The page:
RFC 3921  includes an XMPP protocol extension for communications blocking, which has since been moved to Privacy Lists (XEP-0016) . Unfortunately, because the privacy lists extension is quite complex, it has not been widely implemented in servers and has been implemented virtually not at all in clients. This is problematic, since the ability to block communications with selected users is an important feature for an instant messaging system (and is required by RFC 2779 ). However, the full power of privacy lists is not needed in order to block communications, so this document proposes a simpler blocking protocol that meets the requirement specified in RFC 2779 and can be implemented more easily in XMPP clients and servers.
The requirements for communications blocking are straightforward:
If the server supports the protocol defined herein, it MUST return a feature of "urn:xmpp:blocking":
In order for a client to request a user's list of blocked JIDs (e.g., in order to determine whether to unblock a JID), it shall send an IQ-get with no 'to' address (thus handled by the user's server) containing a <blocklist/> element qualified by the 'urn:xmpp:blocking' namespace:
If the user has any JIDs in its blocklist, the server MUST return an IQ-result containing a <blocklist/> element that in turn contains one child <item/> element for each blocked JID:
If the user has no JIDs in its blocklist, the server MUST return an IQ-result containing an empty <blocklist/> element:
A client SHOULD retrieve the block list after authenticating with its server and before completing any blocking or unblocking operations.
In order for a user to block communications with a JID, the user's client shall send an IQ-set with no 'to' address (thus handled by the user's server) containing a <block/> element qualified by the 'urn:xmpp:blocking' namespace, where the JID to be blocked is encapsulated as the 'jid' attribute of the <item/> child element:
If the server can successfully process the block command, it MUST return an IQ-result:
The server MUST also send an IQ-set to all of the user's resources that have requested the blocklist, containing the blocked item(s):
If the <block/> element does not contain at least one <item/> child element, the server MUST return a <bad-request/> error. The <block/> element MAY contain more than one <item/> child. Other standard XMPP stanza errors also apply; see XMPP Core  and Error Condition Mappings (XEP-0086) .
When the user blocks communications with a JID, the user's server MUST send unavailable presence information to the JID (but only if the JID is allowed to receive presence notifications from the user in accordance with the rules defined in RFC 3921).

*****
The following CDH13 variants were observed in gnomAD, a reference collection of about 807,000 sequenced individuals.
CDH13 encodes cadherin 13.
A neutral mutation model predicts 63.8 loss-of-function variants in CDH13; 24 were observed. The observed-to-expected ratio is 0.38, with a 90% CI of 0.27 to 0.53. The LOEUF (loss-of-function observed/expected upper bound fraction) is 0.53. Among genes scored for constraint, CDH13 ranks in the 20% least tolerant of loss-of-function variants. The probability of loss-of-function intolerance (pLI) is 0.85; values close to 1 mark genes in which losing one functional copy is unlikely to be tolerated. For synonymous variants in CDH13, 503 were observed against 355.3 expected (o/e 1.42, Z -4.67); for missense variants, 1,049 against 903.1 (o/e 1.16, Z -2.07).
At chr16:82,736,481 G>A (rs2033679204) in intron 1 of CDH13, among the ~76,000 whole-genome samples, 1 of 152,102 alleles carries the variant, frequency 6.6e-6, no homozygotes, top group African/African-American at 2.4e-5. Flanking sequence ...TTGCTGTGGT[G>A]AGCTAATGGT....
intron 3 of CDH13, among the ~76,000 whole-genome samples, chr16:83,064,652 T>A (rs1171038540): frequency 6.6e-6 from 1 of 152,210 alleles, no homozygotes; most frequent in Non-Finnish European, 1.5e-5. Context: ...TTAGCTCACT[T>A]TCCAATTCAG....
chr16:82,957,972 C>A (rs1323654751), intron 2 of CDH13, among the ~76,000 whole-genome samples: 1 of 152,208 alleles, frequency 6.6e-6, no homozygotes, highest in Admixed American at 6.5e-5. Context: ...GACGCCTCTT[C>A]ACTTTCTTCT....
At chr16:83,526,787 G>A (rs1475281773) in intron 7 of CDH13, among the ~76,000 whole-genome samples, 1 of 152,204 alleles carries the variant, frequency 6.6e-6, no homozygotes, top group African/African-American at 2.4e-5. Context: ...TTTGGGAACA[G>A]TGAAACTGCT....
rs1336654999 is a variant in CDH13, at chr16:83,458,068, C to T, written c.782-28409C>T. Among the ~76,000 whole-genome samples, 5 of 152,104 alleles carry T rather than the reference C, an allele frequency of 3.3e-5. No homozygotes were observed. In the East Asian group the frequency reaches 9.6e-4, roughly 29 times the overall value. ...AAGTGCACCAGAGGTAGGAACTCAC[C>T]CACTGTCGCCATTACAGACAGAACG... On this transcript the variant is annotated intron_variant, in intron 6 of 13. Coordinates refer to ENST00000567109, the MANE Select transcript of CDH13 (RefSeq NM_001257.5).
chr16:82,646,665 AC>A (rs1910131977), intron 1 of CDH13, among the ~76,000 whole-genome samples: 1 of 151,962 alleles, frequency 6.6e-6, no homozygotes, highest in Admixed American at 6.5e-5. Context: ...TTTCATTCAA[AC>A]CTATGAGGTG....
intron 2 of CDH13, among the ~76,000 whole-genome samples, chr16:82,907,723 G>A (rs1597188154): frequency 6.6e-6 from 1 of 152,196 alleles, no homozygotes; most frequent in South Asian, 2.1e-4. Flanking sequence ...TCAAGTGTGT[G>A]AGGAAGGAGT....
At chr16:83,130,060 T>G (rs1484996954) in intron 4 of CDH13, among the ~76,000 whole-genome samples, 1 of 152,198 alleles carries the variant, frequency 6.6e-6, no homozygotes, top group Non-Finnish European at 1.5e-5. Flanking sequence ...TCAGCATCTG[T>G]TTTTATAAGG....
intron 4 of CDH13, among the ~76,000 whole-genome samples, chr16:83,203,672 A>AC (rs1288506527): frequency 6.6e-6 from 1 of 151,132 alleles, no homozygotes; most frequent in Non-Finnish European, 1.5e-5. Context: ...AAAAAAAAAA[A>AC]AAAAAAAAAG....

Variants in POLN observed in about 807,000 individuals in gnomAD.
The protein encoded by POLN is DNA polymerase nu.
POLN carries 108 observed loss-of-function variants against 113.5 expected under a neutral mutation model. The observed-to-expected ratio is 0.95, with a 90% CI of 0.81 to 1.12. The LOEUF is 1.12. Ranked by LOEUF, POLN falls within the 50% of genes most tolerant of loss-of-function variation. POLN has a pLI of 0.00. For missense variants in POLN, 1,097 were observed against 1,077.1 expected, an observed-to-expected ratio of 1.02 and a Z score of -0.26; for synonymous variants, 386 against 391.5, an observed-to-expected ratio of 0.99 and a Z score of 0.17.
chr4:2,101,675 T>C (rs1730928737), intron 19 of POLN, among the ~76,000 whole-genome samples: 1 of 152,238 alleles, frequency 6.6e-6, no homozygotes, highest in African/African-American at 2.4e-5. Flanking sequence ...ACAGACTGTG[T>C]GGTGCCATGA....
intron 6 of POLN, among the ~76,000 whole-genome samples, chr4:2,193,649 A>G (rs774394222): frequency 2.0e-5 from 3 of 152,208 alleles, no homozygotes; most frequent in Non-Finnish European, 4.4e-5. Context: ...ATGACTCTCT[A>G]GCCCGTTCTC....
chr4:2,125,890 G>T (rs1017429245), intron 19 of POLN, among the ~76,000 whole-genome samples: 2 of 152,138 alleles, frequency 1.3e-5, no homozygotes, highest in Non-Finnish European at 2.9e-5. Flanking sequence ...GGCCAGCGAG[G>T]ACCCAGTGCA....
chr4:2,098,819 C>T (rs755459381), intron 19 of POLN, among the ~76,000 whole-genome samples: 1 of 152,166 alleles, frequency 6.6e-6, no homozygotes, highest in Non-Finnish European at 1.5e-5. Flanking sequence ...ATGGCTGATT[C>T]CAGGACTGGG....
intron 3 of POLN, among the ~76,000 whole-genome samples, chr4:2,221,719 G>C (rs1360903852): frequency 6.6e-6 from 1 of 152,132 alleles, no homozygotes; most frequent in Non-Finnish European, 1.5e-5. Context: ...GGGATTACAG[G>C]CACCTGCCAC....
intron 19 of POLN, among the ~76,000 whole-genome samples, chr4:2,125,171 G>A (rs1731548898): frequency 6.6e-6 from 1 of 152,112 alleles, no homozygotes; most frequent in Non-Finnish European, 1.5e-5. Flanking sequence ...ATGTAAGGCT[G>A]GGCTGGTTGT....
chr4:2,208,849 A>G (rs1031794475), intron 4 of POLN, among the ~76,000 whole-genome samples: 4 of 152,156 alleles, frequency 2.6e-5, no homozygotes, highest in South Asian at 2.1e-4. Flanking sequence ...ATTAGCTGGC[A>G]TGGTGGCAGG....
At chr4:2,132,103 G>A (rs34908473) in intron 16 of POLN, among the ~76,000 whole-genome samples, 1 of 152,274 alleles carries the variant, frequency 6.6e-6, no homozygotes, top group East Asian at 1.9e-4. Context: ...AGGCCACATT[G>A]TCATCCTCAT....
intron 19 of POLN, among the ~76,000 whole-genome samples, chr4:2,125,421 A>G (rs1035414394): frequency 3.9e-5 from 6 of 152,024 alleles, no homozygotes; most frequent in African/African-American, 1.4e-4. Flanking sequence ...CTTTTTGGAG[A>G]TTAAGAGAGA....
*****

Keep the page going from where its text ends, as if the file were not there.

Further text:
Once the user has blocked communications with a JID, the user's server MUST NOT deliver any XML stanzas from the JID to the user. The block remains in force until the user subsequently unblocks commmunications with the JID (i.e., the duration of the block is potentially unlimited and applies across sessions).
If a blocked JID attempts to send a stanza to the user (i.e., an inbound stanza from the user's perspective), the user's server shall handle the stanza according to the following rules:
If the foregoing suggestions are followed, the user will appear offline to the blocked JID.
If the user attempts to send an outbound stanza to the JID, the user's server MUST NOT route the stanza to the JID but instead MUST return a <not-acceptable/> error containing an application-specific error condition of <blocked/> qualified by the 'urn:xmpp:blocking:errors' namespace:
In order for a user to unblock communications with a JID, the user's client shall send an IQ-set with no 'to' address (thus handled by the user's server) containing an <unblock/> element qualified by the 'urn:xmpp:blocking' namespace, where the JID to be unblocked is encapsulated as the 'jid' attribute of the <item/> child element:
If the server can successfully process the unblock command, it MUST return an IQ-result:
The server MUST also send an IQ-set to all of the user's resources that have requested the blocklist, containing the unblocked item(s):
When the user unblocks communications with a JID, the user's server MUST send the user's current presence information to the JID (but only if the JID is allowed to receive presence notifications from the user in accordance with the rules defined in RFC 3921).
After the user has unblocked communications with a JID, the user's server MUST deliver any subsequent XML stanzas from the JID to the user.